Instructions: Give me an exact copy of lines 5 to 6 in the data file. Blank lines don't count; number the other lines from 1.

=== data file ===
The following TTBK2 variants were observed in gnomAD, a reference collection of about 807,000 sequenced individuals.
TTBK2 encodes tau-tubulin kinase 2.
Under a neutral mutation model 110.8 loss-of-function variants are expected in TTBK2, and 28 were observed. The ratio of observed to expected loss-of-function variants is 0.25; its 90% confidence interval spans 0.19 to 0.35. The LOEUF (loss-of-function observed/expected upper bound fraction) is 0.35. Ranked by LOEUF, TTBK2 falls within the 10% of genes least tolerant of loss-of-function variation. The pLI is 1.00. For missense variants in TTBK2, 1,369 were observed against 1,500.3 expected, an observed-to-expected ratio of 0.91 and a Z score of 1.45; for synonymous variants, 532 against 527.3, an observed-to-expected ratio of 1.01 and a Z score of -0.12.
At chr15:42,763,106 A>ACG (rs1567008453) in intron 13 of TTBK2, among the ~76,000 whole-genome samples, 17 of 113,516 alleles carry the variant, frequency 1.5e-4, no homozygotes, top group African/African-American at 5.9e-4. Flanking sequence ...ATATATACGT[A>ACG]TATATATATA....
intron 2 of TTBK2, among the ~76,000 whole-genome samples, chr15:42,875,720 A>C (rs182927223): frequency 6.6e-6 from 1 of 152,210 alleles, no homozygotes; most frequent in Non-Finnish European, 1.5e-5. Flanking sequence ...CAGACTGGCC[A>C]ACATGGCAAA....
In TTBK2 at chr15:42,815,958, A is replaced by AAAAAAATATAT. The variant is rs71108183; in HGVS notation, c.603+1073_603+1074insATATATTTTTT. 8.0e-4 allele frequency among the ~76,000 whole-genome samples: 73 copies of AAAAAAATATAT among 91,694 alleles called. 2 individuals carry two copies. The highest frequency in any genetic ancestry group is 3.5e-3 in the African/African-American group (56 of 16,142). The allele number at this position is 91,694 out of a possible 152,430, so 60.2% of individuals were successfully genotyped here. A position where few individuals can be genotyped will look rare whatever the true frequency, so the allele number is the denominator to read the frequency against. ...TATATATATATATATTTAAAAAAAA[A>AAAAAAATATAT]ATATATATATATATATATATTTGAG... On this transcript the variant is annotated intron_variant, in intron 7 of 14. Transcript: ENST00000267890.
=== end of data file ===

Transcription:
intron 2 of TTBK2, among the ~76,000 whole-genome samples, chr15:42,875,720 A>C (rs182927223): frequency 6.6e-6 from 1 of 152,210 alleles, no homozygotes; most frequent in Non-Finnish European, 1.5e-5. Flanking sequence ...CAGACTGGCC[A>C]ACATGGCAAA....
In TTBK2 at chr15:42,815,958, A is replaced by AAAAAAATATAT. The variant is rs71108183; in HGVS notation, c.603+1073_603+1074insATATATTTTTT. 8.0e-4 allele frequency among the ~76,000 whole-genome samples: 73 copies of AAAAAAATATAT among 91,694 alleles called. 2 individuals carry two copies. The highest frequency in any genetic ancestry group is 3.5e-3 in the African/African-American group (56 of 16,142). The allele number at this position is 91,694 out of a possible 152,430, so 60.2% of individuals were successfully genotyped here. A position where few individuals can be genotyped will look rare whatever the true frequency, so the allele number is the denominator to read the frequency against. ...TATATATATATATATTTAAAAAAAA[A>AAAAAAATATAT]ATATATATATATATATATATTTGAG... On this transcript the variant is annotated intron_variant, in intron 7 of 14. Transcript: ENST00000267890.